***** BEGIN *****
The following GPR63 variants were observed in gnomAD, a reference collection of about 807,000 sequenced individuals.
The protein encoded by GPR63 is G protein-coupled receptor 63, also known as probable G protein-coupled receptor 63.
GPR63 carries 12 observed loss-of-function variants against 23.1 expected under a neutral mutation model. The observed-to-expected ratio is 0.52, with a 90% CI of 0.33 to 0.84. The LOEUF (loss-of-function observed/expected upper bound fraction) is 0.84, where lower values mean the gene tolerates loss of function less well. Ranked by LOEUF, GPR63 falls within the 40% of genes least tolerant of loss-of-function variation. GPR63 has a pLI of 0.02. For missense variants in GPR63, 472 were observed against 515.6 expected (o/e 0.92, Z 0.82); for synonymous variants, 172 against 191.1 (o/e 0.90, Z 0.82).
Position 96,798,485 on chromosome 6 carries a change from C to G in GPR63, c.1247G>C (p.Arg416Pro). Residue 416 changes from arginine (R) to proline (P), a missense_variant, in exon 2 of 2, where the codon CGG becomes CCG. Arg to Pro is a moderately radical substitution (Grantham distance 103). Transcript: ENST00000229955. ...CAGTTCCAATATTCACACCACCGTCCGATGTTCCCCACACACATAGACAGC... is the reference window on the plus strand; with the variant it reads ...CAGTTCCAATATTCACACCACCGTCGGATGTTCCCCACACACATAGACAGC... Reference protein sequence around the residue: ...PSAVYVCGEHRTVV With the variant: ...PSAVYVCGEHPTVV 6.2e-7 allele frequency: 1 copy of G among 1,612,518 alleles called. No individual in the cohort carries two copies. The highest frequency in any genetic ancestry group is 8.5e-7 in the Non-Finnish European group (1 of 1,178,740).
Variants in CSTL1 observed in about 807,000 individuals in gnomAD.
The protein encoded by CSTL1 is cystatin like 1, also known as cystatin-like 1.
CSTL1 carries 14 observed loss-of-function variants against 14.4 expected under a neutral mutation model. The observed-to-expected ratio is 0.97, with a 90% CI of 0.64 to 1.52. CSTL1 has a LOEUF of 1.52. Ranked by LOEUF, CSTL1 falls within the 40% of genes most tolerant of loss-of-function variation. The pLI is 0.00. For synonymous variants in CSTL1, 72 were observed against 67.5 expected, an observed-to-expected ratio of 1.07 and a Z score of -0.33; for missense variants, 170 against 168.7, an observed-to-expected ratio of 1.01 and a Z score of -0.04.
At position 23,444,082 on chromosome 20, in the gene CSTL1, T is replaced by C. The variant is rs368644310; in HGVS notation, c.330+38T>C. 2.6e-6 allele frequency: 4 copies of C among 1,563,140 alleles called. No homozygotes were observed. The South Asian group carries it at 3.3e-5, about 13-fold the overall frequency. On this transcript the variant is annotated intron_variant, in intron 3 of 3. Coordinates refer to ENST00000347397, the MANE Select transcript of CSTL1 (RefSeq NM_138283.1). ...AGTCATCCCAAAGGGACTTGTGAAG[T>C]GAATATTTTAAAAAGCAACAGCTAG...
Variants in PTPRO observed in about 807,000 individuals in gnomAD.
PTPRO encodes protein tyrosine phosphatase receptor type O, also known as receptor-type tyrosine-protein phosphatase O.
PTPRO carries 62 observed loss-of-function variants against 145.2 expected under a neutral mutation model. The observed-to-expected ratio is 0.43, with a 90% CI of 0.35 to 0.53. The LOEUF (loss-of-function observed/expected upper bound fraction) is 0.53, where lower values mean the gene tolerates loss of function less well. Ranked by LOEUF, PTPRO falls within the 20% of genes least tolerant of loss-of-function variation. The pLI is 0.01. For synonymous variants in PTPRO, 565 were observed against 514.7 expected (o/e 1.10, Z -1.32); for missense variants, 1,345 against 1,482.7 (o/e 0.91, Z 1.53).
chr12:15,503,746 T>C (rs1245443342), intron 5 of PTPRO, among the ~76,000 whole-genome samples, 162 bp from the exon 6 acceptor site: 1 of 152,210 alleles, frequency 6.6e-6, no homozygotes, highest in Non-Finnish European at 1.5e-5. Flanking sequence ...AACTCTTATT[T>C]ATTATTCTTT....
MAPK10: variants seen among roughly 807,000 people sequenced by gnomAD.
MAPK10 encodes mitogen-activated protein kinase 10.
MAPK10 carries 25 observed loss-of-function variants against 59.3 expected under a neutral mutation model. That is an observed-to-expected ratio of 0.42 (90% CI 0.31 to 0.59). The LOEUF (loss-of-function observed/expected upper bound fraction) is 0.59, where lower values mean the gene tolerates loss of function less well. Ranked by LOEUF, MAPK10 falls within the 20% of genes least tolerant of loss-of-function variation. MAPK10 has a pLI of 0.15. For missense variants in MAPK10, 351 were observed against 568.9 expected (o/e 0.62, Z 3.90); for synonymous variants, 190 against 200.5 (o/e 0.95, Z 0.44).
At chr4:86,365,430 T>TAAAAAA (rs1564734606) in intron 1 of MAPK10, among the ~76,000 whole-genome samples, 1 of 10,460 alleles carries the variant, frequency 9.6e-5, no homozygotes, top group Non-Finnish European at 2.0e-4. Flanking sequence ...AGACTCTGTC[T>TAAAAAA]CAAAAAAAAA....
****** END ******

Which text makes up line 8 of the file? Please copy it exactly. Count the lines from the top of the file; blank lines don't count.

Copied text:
At position 23,444,082 on chromosome 20, in the gene CSTL1, T is replaced by C. The variant is rs368644310; in HGVS notation, c.330+38T>C. 2.6e-6 allele frequency: 4 copies of C among 1,563,140 alleles called. No homozygotes were observed. The South Asian group carries it at 3.3e-5, about 13-fold the overall frequency. On this transcript the variant is annotated intron_variant, in intron 3 of 3. Coordinates refer to ENST00000347397, the MANE Select transcript of CSTL1 (RefSeq NM_138283.1). ...AGTCATCCCAAAGGGACTTGTGAAG[T>C]GAATATTTTAAAAAGCAACAGCTAG...